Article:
John Andrew Mercs


Presentation: 3:00 p.m.-4:15 p.m., Kennedy Union Ballroom



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The current study aimed to examine four types of mandatory minimum laws (i.e., truth in sentencing, determinate sentencing, presence of mandatory minimums because of drug possession, and the presence of a mandatory minimum because of a drug sale with a firearm) and its effect on incarceration rates. Data: Data used for the study was the Impact of State Sentencing Policies on Incarceration Rates in the United States from 1975 to 2002. For the purposes of this study, only year 2002 data was used. Analysis: T-Tests for independent samples were used to examine the association between each independent variable and the outcome. Results: The statistical results show that there is no significant correlations between the variables suggesting that mandatory minimum laws do not have the desire effect on crime rates. Discussion: Legislators considering this punitive approach should consider further research to see if it has an effect in their specific jurisdiction before implementing these laws.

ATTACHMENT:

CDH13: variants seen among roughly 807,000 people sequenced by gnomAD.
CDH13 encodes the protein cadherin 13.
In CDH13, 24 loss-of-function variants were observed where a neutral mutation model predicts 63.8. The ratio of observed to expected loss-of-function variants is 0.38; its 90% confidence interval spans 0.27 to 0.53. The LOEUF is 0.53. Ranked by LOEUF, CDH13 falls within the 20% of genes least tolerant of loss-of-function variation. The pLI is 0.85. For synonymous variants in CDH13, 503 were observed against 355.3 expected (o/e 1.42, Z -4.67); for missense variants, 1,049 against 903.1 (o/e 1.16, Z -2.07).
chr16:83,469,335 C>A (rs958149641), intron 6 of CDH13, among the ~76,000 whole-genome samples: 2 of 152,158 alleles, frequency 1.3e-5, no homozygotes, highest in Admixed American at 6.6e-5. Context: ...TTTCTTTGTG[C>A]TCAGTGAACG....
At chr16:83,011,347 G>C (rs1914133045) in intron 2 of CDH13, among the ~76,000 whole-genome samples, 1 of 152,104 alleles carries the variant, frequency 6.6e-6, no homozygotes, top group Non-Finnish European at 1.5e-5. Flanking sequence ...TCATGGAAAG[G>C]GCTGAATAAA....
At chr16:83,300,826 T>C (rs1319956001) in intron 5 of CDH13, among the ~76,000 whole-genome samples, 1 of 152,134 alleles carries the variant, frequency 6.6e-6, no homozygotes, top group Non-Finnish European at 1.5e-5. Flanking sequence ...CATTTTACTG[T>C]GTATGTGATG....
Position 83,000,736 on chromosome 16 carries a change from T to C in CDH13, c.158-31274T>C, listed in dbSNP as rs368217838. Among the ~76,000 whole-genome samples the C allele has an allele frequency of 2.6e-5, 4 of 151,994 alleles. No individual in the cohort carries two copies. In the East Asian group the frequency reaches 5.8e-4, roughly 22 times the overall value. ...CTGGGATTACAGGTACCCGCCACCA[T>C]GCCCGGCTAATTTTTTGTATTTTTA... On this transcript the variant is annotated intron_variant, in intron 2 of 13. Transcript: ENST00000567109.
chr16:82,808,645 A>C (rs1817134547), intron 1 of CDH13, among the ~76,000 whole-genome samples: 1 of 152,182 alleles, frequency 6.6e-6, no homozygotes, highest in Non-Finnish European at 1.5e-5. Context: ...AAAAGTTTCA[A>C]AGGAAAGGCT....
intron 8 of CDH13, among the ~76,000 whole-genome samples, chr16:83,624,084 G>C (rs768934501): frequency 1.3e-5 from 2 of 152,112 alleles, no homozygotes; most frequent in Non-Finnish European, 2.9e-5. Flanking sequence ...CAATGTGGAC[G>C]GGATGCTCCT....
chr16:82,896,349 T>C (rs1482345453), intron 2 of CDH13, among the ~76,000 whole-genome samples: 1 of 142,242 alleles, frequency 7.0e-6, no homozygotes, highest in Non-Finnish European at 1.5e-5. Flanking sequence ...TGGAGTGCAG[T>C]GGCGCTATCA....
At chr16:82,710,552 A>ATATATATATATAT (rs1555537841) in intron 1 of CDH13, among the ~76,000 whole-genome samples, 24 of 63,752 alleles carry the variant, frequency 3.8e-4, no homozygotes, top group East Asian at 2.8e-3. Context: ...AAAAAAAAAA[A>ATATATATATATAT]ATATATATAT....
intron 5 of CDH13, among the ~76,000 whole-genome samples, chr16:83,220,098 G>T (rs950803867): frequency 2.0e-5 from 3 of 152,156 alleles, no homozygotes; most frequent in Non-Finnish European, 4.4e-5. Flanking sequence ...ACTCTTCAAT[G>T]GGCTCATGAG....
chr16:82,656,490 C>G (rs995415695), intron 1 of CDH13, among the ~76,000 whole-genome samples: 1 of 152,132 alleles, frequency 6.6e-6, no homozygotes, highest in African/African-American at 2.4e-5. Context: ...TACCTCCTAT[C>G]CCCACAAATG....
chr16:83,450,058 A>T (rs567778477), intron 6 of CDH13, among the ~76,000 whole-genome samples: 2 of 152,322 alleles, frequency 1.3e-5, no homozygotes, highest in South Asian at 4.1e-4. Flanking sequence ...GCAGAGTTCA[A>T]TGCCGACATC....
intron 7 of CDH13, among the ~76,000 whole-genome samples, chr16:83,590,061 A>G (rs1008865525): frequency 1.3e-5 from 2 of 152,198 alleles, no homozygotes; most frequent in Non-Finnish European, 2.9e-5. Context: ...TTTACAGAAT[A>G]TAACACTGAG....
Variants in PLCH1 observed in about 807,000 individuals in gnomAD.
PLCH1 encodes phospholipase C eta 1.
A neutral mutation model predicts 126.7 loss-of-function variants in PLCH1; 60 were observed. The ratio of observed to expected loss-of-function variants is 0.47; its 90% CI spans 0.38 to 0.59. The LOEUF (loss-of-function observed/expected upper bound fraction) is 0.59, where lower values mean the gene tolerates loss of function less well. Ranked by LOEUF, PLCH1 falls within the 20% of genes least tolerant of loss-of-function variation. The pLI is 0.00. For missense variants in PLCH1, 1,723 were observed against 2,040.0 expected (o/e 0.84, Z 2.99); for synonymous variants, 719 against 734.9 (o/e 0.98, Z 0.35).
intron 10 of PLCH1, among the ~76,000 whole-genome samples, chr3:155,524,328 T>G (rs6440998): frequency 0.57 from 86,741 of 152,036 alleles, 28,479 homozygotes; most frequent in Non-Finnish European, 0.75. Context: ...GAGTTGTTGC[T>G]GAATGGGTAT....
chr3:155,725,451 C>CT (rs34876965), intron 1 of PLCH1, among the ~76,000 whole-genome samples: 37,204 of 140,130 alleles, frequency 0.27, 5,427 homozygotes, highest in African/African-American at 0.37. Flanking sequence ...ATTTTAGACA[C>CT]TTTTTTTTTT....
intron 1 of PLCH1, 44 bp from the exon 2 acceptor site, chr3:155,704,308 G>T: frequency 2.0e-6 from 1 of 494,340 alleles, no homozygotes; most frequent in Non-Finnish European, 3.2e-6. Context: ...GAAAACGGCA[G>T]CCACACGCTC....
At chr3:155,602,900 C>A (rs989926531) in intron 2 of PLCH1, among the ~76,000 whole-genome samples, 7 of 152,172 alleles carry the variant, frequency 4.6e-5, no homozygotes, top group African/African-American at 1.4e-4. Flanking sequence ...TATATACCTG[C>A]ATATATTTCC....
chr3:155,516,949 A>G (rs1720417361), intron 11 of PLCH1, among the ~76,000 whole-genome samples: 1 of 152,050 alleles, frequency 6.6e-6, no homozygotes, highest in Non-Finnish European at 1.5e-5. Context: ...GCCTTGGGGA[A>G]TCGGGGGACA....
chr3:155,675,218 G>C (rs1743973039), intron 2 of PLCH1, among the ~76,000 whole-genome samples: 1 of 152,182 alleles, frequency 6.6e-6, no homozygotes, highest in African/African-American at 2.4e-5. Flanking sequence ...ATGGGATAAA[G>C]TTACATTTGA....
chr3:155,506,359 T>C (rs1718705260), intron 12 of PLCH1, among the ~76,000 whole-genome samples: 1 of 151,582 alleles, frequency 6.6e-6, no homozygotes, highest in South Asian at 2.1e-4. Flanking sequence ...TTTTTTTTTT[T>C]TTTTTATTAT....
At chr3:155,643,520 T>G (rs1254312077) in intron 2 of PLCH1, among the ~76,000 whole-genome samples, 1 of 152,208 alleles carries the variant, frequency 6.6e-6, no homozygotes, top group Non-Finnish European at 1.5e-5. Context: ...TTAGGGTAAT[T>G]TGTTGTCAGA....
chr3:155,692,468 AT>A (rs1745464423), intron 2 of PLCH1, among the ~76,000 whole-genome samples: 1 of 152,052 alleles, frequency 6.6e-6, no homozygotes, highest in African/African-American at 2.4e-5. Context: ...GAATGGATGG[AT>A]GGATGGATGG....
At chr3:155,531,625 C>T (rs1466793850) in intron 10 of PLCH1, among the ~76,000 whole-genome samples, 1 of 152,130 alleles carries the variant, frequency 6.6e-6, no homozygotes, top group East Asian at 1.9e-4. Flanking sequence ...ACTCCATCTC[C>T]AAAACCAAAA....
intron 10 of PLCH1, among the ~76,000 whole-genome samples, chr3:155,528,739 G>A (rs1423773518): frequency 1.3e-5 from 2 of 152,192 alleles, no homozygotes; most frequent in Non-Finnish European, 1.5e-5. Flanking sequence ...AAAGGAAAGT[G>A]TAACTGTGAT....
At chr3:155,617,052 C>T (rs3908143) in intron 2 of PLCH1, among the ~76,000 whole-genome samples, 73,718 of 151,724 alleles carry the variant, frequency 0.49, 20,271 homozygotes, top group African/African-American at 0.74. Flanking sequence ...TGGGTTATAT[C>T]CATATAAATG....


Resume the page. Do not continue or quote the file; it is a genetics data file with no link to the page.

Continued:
Publication Date


Project Designation

Capstone Project

Primary Advisor

Susybel R. Kallsen

Primary Advisor's Department

Criminal Justice and Security Studies


Stander Symposium project, College of Arts and Sciences

Analyzing Mandatory Minimum Laws and their Effects on Incarceration Rate.